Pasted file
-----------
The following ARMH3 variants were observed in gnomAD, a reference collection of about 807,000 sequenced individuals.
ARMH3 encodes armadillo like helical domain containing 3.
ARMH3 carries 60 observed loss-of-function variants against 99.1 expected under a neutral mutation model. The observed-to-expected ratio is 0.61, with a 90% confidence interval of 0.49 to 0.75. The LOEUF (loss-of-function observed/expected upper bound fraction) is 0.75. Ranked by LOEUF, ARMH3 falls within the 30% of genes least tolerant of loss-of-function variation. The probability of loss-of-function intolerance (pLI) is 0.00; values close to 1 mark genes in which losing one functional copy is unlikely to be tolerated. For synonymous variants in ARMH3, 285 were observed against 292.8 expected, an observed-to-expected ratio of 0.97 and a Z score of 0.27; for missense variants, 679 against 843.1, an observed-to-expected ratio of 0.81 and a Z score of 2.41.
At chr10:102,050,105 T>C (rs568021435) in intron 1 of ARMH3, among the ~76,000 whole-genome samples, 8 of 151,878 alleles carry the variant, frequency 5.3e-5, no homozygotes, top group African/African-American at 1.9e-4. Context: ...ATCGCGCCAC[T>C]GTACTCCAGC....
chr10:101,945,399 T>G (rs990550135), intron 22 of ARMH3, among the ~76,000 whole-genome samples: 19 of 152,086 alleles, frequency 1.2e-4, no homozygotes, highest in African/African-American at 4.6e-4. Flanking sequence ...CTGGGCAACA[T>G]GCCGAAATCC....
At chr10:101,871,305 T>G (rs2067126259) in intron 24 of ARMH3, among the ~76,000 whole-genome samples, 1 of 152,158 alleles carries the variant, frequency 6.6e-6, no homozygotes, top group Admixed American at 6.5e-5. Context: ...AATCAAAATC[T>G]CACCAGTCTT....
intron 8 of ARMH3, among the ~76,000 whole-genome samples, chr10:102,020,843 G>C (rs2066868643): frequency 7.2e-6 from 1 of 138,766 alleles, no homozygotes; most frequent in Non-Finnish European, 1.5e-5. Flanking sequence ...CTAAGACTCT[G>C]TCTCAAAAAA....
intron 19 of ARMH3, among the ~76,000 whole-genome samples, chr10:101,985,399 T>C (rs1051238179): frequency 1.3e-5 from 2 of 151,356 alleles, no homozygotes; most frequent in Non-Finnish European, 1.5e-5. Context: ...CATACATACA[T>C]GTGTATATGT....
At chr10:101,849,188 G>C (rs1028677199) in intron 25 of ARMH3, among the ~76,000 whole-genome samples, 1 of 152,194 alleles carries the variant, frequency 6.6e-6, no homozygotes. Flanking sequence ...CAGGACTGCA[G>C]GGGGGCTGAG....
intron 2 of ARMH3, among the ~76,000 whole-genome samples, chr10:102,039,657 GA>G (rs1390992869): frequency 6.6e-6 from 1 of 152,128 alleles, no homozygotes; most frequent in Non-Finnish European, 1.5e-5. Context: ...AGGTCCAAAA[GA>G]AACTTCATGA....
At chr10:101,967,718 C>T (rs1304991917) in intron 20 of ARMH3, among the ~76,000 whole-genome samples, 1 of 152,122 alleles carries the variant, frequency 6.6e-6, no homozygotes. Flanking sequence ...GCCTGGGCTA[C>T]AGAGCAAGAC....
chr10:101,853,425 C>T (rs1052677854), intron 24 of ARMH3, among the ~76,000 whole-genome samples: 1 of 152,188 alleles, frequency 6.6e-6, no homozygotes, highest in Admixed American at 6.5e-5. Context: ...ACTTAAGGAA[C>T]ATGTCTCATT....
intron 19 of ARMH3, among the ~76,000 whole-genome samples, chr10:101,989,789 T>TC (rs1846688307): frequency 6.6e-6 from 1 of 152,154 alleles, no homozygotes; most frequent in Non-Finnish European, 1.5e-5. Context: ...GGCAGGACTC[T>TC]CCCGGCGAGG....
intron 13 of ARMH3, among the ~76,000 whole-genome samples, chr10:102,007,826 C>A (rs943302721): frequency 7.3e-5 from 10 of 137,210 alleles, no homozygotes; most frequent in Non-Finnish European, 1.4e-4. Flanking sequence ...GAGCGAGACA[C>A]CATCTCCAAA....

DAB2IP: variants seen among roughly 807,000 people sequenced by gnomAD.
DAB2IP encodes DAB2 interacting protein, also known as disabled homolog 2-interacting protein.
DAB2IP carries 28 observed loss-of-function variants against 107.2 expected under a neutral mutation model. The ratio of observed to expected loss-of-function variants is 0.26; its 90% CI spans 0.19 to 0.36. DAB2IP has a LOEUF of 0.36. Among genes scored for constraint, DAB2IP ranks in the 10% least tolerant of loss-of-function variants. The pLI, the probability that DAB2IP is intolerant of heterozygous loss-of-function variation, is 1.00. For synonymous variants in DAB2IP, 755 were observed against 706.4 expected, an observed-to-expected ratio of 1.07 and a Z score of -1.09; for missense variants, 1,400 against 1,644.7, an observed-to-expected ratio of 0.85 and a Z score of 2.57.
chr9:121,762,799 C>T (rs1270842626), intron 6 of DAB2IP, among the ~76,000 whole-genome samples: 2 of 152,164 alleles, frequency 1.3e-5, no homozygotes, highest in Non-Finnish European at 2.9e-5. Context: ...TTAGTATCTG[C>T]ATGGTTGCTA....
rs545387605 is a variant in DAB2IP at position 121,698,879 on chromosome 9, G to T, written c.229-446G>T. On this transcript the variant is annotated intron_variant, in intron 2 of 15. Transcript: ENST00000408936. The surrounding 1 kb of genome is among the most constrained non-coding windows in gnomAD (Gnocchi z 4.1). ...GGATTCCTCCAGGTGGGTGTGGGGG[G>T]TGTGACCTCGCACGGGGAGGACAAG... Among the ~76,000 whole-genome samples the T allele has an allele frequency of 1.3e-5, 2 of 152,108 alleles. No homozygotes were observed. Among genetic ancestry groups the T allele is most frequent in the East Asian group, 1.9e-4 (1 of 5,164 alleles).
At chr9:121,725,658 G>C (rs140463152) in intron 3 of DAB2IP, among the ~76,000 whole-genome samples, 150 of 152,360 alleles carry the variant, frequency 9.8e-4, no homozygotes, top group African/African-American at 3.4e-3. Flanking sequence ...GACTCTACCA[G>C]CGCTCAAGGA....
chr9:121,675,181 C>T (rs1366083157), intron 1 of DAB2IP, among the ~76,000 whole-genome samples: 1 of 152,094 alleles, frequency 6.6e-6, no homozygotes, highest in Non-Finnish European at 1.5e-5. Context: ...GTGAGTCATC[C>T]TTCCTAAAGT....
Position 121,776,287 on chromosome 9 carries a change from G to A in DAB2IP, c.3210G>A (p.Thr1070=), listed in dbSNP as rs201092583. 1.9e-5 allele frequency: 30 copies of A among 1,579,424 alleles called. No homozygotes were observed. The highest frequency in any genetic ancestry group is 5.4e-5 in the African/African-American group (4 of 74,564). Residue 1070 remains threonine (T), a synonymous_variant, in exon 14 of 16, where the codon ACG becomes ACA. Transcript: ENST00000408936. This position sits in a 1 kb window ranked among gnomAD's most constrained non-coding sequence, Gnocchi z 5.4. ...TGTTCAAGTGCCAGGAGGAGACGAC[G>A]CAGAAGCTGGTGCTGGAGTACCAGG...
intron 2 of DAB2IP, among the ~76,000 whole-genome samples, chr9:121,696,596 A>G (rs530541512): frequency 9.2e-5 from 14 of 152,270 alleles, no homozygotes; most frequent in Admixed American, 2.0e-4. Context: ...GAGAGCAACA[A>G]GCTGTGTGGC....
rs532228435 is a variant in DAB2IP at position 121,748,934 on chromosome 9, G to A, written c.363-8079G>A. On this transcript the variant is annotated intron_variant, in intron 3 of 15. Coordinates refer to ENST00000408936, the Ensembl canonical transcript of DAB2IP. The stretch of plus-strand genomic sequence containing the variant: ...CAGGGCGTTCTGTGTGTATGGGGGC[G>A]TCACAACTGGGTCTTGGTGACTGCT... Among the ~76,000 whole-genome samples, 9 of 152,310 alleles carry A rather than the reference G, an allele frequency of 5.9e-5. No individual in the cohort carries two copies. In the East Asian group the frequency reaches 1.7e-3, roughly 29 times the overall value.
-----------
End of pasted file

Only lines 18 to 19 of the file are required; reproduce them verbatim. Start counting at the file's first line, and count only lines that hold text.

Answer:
chr9:121,762,799 C>T (rs1270842626), intron 6 of DAB2IP, among the ~76,000 whole-genome samples: 2 of 152,164 alleles, frequency 1.3e-5, no homozygotes, highest in Non-Finnish European at 2.9e-5. Context: ...TTAGTATCTG[C>T]ATGGTTGCTA....
rs545387605 is a variant in DAB2IP at position 121,698,879 on chromosome 9, G to T, written c.229-446G>T. On this transcript the variant is annotated intron_variant, in intron 2 of 15. Transcript: ENST00000408936. The surrounding 1 kb of genome is among the most constrained non-coding windows in gnomAD (Gnocchi z 4.1). ...GGATTCCTCCAGGTGGGTGTGGGGG[G>T]TGTGACCTCGCACGGGGAGGACAAG... Among the ~76,000 whole-genome samples the T allele has an allele frequency of 1.3e-5, 2 of 152,108 alleles. No homozygotes were observed. Among genetic ancestry groups the T allele is most frequent in the East Asian group, 1.9e-4 (1 of 5,164 alleles).